• Explain what they will learn (how to frame a shot, how to take action shots, lighting issues, how to select the appropriate equipment, how to edit photos, etc.) and whether there will be a critique session.
      • Manage your customers’ expectations. Discuss the skill level you are targeting (amateur to professional) and the terrain you will be traversing (many hills, 3-4 miles of hiking, rugged trails, etc.)
      • State the expected size of the workshop and the minimum number of people needed to put on the workshop.
        • Small (2 to 10 people) – recommended for the best experience by both the host and the attendees.
        • Medium (11 to 30 people) – minimal one-on-one interaction; additional help may be needed.
        • Large (>30 people) – No personal interaction; additional help needed.
      • For multi-day workshops, provide detailed itineraries listing where you will go and what you expect to see.
      • Provide a list of “might-sees” so attendees have an idea of what to expect and can do their homework beforehand
    • What does it cost and what does the fee cover?
      • Explain the configuration and cost of the workshop.
        • All inclusive – All costs (instruction, lodging, meals, and transportation) are included in the price
        • Lodging included – Price covers the costs of instruction and lodging. Attendees will be expected to pay separately for meals and transportation.
        • Instruction only – All other costs will be at the discretion of the attendees.
      • Clearly state your policies on payment, cancellation, liability, and refunds
    • How can folks reach you?
      • Provide registration and contact information. If you have a website, list the address. A website is a great place to put detailed information that can't fit on a brochure or flier.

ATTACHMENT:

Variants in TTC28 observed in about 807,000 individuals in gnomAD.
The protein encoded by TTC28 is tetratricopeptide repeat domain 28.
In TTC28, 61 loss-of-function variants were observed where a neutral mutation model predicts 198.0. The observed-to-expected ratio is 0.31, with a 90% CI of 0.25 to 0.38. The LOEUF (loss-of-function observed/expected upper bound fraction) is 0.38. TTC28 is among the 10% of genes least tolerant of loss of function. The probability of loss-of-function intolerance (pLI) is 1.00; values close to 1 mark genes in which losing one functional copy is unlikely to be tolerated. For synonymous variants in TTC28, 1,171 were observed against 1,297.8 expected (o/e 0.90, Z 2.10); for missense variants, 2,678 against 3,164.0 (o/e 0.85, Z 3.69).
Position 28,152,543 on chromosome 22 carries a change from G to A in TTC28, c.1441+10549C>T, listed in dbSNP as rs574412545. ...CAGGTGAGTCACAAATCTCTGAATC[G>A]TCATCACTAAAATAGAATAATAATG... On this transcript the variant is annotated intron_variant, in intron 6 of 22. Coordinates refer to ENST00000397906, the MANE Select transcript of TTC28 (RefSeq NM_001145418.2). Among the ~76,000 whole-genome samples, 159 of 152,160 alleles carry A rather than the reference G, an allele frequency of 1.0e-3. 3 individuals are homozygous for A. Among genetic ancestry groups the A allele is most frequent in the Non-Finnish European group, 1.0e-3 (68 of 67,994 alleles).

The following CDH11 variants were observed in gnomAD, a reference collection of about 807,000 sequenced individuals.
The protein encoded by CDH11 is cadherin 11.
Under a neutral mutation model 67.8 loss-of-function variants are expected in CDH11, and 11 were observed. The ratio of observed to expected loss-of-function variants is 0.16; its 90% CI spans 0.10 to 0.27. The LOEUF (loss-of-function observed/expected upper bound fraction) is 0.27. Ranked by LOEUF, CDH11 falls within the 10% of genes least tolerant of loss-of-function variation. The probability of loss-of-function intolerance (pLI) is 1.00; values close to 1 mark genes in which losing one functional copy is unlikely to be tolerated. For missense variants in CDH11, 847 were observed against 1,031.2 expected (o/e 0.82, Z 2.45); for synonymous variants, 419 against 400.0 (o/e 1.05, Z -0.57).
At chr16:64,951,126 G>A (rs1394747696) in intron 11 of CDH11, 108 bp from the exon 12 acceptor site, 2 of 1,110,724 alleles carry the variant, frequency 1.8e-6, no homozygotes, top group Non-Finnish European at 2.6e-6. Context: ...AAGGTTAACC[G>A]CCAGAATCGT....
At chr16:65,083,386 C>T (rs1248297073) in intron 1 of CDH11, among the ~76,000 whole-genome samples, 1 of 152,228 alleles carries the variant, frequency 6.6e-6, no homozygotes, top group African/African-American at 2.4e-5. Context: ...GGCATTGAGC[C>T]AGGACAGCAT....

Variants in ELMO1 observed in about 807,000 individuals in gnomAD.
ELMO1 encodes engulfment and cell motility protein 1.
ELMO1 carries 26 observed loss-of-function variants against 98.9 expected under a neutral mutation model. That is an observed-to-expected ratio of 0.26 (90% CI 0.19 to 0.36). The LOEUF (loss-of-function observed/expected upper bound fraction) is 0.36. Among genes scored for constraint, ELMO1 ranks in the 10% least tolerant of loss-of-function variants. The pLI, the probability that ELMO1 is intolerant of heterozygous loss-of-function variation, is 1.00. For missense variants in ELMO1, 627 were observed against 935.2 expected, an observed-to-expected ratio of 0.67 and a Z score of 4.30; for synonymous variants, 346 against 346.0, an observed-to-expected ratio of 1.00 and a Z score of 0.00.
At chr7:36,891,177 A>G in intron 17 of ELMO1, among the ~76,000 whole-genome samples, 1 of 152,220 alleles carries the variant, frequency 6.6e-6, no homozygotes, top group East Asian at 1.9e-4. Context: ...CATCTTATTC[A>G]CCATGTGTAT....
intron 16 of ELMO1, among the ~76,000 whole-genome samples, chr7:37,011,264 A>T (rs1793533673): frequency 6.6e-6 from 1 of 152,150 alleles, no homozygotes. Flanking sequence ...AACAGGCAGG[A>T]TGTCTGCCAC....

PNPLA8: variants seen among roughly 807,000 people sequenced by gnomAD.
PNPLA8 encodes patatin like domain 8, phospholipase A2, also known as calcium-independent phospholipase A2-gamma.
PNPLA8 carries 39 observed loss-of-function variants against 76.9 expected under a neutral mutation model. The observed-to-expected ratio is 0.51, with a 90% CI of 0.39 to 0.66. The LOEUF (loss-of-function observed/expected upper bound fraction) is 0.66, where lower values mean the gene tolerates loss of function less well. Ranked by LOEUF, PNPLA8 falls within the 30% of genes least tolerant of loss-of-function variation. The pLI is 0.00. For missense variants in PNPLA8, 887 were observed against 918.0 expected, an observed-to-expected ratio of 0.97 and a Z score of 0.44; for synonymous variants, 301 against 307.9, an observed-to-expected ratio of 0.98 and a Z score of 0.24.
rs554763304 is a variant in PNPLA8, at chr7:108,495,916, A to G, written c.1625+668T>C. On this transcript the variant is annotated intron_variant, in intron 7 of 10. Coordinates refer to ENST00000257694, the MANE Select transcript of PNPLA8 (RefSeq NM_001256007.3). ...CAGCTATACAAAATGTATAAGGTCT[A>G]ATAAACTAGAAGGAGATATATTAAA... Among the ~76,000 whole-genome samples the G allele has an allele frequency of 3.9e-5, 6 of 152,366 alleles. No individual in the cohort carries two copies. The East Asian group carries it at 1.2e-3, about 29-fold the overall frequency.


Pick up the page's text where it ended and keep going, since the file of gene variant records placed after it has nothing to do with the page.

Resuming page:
View a sample flyer (JPG)

Additional Information to Send to Participants

Send your registrants detailed information prior to the workshop in order to prepare them for the trip and to help manage their expectations. Some of this information might include:

  • A liability waiver. If you require workshop participants to sign a waiver, send it to them in advance of the date so that they have time to read it over and return it to you.
  • A list of wildlife they may expect to view and photograph.
  • A list of recommended equipment to bring or appropriate attire (bug spray, knife, cold weather gear, notebook, rain gear, etc.).
  • Detailed information on the property and any special spots (historical sites, wildlife blinds, lakes, Mississippi River, etc.).
  • How to contact you with questions (email, phone, etc.).

Additional Helpful Sources

References

  • Abhat, D. 2012. More People Seek Wide-Open Spaces: FWS report shows increase in hunters, anglers, and wildlife watchers. The Wildlife Professional, v6 n4, 38-39.
  • Aiken, R. 2009. Wildlife watching trends: 1991-2006 A reference report. U.S Fish and Wildlife Service Wildlife and Sport Fish Restoration Program Report 2006-3.
  • Boyd, K. 2012. The Ethics of Wildlife Photography: Sticky Questions for the Digital Age. The Wildlife Professional, v6 n4, 34-37.
  • Cordell, H. 2008. The Latest Trends in Nature-based Outdoor Recreation. Forest History Today 15(1).
  • Wildlife Management Institute. 2012. Wildlife-Related Recreation Report Shows Increase in Participation. http://www.wildlifemanagementinstitute.org